Home » Breaking News » The Poetry Collective in motion
Sinéad Nic Síoda, Amanda Jane Shannon, Marion Moynihan, Arthur Watson, Donal O'Connell, John Killeen, Martin Vernon, Neil Bedford, Patrick Glynn, Deirdre Devally and Tessa Lund from the Poetry Collective

The Poetry Collective in motion

Car Tourismo Banner

For more than 30 years The Poetry Collective has been bringing together writers from across Clare and the Mid West. After taking a break during Covid the Collective are now back, recently hosting their biggest ever poetry reading and open mic event in glór, which co-founder Arthur Watson describes as being “like the Guinness Book of Records for poetry”.
The Clare Champion is sitting down with Arthur and fellow poets Patrick Stack, Marion Moynihan, John Killeen and Sinead Nic Seoda who reflect on what it means to be a part of the group, the growth of poetry in Clare, the Collective’s history and its plans for the future.
By its very nature creating poetry is a solitary endeavour, however through the Collective vital positive connections are being made bridging together a wide range of diverse writers.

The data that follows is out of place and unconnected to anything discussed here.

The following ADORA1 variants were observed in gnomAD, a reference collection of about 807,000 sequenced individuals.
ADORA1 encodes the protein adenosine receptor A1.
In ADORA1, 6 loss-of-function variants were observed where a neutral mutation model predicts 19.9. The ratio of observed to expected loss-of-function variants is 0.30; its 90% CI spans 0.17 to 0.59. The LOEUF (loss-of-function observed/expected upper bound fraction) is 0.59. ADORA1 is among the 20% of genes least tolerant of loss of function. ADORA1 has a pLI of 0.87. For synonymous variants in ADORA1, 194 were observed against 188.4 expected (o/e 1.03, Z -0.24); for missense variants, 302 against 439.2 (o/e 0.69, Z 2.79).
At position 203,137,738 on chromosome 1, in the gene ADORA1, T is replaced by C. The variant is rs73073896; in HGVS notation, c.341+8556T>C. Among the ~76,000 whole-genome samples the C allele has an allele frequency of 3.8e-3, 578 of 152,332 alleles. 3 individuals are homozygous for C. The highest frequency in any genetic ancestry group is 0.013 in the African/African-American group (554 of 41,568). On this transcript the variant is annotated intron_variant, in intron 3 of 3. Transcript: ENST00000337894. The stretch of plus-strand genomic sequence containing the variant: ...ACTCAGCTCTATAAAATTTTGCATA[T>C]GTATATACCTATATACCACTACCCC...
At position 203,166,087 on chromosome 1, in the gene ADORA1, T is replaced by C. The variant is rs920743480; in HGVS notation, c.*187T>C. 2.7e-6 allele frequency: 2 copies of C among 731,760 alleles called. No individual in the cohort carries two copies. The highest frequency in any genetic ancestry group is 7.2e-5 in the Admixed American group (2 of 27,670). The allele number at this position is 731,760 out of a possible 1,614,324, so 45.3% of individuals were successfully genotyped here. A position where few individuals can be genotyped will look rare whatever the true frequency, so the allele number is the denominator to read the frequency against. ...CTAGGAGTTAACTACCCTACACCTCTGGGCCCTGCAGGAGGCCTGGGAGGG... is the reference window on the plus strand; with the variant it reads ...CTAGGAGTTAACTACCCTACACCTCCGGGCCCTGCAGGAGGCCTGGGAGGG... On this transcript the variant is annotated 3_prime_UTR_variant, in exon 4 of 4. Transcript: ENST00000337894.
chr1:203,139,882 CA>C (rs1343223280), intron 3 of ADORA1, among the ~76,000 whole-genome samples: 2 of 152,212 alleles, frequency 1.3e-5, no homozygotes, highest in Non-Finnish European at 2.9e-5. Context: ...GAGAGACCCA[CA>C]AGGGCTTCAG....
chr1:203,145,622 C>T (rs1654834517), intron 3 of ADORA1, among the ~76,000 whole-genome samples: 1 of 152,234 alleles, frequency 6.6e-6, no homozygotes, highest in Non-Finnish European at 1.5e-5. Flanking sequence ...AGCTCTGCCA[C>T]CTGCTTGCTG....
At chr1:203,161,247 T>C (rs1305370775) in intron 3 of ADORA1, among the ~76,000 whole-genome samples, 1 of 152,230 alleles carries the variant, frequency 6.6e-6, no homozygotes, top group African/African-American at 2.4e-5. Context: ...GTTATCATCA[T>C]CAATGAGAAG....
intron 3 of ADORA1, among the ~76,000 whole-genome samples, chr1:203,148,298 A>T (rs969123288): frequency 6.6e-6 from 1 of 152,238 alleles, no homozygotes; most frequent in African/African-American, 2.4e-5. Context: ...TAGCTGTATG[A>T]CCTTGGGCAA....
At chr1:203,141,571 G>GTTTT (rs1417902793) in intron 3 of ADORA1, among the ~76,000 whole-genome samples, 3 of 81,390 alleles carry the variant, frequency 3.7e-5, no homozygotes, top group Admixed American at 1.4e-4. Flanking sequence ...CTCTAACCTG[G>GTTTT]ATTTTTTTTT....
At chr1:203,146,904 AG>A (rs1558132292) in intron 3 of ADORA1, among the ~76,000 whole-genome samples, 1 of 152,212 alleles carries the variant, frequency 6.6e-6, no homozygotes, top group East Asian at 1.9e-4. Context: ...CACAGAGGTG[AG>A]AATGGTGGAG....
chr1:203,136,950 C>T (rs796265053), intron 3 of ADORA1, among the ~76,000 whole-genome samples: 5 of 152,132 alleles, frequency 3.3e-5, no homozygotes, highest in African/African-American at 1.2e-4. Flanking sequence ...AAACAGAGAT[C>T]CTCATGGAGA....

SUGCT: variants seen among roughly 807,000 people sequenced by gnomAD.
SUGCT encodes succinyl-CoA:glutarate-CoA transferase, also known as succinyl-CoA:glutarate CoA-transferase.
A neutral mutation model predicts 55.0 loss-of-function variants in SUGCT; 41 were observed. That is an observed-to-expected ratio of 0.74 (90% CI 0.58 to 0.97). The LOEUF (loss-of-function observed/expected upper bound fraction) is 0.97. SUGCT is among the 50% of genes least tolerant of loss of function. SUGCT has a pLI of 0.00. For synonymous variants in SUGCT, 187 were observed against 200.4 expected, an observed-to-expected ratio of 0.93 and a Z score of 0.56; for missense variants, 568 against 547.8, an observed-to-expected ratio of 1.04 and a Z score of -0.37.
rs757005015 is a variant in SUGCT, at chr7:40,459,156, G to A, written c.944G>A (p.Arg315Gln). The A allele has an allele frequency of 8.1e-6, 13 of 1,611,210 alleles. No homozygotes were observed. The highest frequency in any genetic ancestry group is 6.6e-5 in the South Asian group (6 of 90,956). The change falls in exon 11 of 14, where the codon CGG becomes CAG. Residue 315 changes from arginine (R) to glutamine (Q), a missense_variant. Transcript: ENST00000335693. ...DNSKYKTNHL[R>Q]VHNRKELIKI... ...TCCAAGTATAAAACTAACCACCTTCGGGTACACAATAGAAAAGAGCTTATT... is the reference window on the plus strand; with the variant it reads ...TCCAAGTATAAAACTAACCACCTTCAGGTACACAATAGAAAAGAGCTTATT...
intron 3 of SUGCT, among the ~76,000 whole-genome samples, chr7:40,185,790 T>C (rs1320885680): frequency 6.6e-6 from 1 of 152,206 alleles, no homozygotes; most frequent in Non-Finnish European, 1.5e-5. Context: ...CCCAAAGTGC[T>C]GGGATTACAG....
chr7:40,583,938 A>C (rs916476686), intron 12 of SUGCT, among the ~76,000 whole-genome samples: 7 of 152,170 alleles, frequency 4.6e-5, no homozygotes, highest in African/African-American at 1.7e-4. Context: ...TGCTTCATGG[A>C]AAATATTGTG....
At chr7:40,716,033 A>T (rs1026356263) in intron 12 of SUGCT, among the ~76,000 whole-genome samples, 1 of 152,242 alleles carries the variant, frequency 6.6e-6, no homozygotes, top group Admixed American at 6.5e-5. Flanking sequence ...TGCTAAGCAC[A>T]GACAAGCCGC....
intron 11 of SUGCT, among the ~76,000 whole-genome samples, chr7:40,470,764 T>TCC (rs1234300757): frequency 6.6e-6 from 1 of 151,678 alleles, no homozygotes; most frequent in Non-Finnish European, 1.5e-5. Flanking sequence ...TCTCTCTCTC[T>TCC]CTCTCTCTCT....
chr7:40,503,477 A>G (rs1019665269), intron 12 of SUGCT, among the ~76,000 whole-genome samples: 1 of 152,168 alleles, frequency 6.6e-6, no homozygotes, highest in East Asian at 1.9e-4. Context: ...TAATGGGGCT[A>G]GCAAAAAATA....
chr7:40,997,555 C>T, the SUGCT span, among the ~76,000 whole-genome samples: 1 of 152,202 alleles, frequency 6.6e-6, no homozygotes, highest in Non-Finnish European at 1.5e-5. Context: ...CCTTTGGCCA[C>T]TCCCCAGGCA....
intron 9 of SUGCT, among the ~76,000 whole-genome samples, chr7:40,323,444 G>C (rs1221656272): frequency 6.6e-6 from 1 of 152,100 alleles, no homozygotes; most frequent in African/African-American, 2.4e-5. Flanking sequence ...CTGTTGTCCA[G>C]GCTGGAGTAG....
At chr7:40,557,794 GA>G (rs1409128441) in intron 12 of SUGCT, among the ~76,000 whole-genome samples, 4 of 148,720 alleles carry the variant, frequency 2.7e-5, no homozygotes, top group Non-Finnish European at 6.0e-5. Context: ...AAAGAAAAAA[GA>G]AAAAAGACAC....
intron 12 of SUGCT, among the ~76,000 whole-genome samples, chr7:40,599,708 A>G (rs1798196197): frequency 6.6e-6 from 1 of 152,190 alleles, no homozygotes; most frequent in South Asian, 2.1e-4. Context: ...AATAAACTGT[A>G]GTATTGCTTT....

Patrick explains, “Writing poetry is a lonely thing. You don’t know, at least from my experience, if the writing is any good or not. Meeting other people who are doing the same thing is always beneficial. Having a group to sound it out. The very fact of reading it out loud brings a whole different dimension to the art”.
John, who joined the Collective having returned to Ennis after many years living in the UK, adds “This is a very important group if you are an artist, a poet or writer. There is a nurturing element from the camaraderie, and a sounding board where you can read your stuff out loud and get feedback.
“When I came back from the UK I found this group was a kind of artistic home because it is a solitary thing when you are writing. You are there on your own for hours depending on how dedicated you are. With the group there is that balance and it’s a good thing.”
Sinead, who as well as being a member has hosted poetry readings at The Record Break, recalls how she joined after coming across a reading in glór. “It was just lovely to find a tribe,” she tells us.
Marion is one of the newest members of the group having previously immersed herself in the poetry scene in Galway. “There, it’s all poetry and we were reading all the time, I was at workshops every week. Then when I came to Miltown Malbay it was all music and I couldn’t find any poetry anywhere. I was there 11 years before I found the Ennis Writers’ Group and that started me back writing and it was brilliant. We got a theme every week, and I’m very good to do my homework which meant I was writing a poem every week. That’s when I got involved with the Poetry Collective.”